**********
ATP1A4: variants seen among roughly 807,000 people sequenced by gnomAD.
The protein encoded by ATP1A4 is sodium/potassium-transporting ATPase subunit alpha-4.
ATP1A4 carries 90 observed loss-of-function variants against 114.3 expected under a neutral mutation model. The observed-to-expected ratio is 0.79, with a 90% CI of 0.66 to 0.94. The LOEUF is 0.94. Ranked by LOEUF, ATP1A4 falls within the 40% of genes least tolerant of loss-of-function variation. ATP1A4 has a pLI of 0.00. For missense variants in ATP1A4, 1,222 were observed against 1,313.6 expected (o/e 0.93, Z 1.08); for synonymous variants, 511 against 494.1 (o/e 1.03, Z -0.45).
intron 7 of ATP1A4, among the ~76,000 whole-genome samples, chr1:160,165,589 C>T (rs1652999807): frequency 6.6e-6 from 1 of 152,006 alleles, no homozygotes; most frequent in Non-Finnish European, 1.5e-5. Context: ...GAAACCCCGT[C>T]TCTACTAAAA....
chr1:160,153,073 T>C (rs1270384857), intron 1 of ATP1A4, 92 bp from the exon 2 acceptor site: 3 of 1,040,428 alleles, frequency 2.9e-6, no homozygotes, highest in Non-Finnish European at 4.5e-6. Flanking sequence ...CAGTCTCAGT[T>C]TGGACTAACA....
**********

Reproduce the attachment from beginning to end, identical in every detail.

ATP1A4: variants seen among roughly 807,000 people sequenced by gnomAD.
The protein encoded by ATP1A4 is sodium/potassium-transporting ATPase subunit alpha-4.
ATP1A4 carries 90 observed loss-of-function variants against 114.3 expected under a neutral mutation model. The observed-to-expected ratio is 0.79, with a 90% CI of 0.66 to 0.94. The LOEUF is 0.94. Ranked by LOEUF, ATP1A4 falls within the 40% of genes least tolerant of loss-of-function variation. ATP1A4 has a pLI of 0.00. For missense variants in ATP1A4, 1,222 were observed against 1,313.6 expected (o/e 0.93, Z 1.08); for synonymous variants, 511 against 494.1 (o/e 1.03, Z -0.45).
intron 7 of ATP1A4, among the ~76,000 whole-genome samples, chr1:160,165,589 C>T (rs1652999807): frequency 6.6e-6 from 1 of 152,006 alleles, no homozygotes; most frequent in Non-Finnish European, 1.5e-5. Context: ...GAAACCCCGT[C>T]TCTACTAAAA....
chr1:160,153,073 T>C (rs1270384857), intron 1 of ATP1A4, 92 bp from the exon 2 acceptor site: 3 of 1,040,428 alleles, frequency 2.9e-6, no homozygotes, highest in Non-Finnish European at 4.5e-6. Flanking sequence ...CAGTCTCAGT[T>C]TGGACTAACA....